• Alternative market definitions. The new Form states that, when presenting relevant product and geographic markets, the parties must submit, in addition to any product and geographic market definitions they consider relevant, all plausible alternative product and geographic market definitions. The new Form explains that plausible alternatives can be identified on the basis of previous Commission decisions and judgments of the Union Courts and (in particular where there are no Commission or Court precedents) by reference to industry reports, market studies and the notifying parties’ internal documents
  • Other markets in which the notified operation may have a significant impact. The new Form continues to require information regarding these markets, but has amended the market share thresholds for when this information may be required as follows: from 25% to 20% for markets in which the parties are potential competitors; from 25% to 30% for markets where the other party holds important IP rights; and from 25 % to 30% for neighbouring markets.

Amendments to the Short Form CO include:

  • Reportable markets. The new Short Form CO clarifies that market definition information and market information are only required if the transaction gives rise to “reportable markets”. The definition of “reportable markets” has been modified to clarify that, in the case of acquisition of joint control in a joint venture, the relevant test applies to the joint venture and at least one of the acquiring parties. The test also applies only to activities in the EEA territory, meaning that if the parties are active in worldwide markets but not in the EEA, there will be no reportable markets. These changes essentially mean that extra-territorial joint ventures can now be notified using an abbreviated version of the Short Form CO, or as the European Commission terms it in its accompanying press release in a “super-simplified notification”.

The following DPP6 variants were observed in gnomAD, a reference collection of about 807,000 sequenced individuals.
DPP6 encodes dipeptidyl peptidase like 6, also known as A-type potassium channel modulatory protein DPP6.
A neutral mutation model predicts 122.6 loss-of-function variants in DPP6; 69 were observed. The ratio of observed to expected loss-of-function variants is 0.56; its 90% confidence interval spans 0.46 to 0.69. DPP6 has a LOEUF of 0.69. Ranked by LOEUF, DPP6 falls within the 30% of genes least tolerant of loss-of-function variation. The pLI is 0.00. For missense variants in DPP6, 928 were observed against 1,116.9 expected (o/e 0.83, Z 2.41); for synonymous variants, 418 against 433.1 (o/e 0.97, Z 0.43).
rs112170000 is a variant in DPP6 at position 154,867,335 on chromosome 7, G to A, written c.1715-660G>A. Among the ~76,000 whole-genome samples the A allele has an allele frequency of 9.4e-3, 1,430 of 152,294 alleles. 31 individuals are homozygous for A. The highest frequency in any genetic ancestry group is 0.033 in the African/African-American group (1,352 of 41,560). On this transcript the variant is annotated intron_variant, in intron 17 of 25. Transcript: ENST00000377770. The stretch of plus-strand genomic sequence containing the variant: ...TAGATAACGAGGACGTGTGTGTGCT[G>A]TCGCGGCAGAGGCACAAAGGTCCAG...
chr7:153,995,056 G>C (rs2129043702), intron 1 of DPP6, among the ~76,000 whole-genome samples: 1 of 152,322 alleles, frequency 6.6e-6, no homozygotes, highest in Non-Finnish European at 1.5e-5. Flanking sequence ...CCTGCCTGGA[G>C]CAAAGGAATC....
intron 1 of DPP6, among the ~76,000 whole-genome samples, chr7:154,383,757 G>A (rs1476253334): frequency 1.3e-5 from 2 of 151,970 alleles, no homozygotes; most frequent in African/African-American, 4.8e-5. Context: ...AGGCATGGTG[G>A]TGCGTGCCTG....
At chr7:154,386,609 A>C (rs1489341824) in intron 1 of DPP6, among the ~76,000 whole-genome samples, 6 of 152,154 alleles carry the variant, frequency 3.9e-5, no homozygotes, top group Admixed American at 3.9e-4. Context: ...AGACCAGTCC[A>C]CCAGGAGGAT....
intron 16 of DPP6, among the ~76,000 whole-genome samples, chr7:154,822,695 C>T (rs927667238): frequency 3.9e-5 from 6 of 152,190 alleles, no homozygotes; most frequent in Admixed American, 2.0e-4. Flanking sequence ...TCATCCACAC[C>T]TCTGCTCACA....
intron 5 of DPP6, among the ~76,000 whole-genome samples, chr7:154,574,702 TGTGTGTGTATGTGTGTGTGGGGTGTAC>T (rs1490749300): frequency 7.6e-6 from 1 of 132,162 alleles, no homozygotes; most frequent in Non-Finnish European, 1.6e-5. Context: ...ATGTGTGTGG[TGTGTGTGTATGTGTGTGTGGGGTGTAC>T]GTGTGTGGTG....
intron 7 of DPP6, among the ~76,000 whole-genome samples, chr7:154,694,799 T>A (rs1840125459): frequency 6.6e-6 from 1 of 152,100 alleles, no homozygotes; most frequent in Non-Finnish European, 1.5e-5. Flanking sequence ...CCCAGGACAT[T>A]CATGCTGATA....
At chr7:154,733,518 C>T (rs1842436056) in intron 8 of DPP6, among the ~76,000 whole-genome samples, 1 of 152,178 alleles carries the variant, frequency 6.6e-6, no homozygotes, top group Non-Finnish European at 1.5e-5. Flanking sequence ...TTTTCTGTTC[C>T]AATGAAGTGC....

• Additional supporting documentation. For the first time, the new Short Form CO requires production of the following internal documents analysing the transaction, although only if there are reportable markets in the EEA: “copies of all presentations prepared by or for or received by any members of the board of management, or the board of directors, or the supervisory board, as applicable in the light of the corporate governance structure, or the other person(s) exercising similar functions (or to whom such functions have been delegated or entrusted), or the shareholders’ meeting analysing the notified concentration.”
  • Pre-notification contacts. The new Short Form CO explains that there may be no need for pre-notification contacts where there are no horizontal or vertical overlaps.

Conclusion

Whilst the package is a welcome cut in red tape for EU merger clearance, it is yet to be seen whether in practice the initiative will radically reduce overall information requirements and expenses. The European Commission retains a wide discretion whether to accept information waiver requests, and to revert to a full notification process.

Extra-territorial joint ventures that have no actual or foreseeable effects within the EEA still require notification. This is because under the current EU Merger Regulation, the turnover thresholds can be met solely on the basis of two joint-controlling parent companies’ turnover. This is the case, irrespective of the geographic location of the joint venture, its size and whether the joint venture could raise competition concerns within the EEA. The European Commission has chosen not to tackle the issue at this stage by amending the turnover thresholds of the EU Merger Regulation. Instead, it has chosen to reform around the edges by maintaining the notification requirement but reducing the quantity of information that is required in the notification form for these transactions. These transactions can now be notified using an abbreviated Short Form, which is called by the Commission in its accompanying press release to the package a “super-simplified notification”. This essentially requires a description of the transaction, business activities and turnover of the parties without a description of markets or the provision of supporting documentation.

This post originally appeared on the Kluwer Competition Law blog.

 

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About Peter Citron

Peter is Head of Practice Development and Knowhow for the Antitrust, Competition and Economic Regulation practice area at Hogan Lovells. Based in Brussels, Peter provides technical and practice support to lawyers across Europe. View all posts by Peter Citron →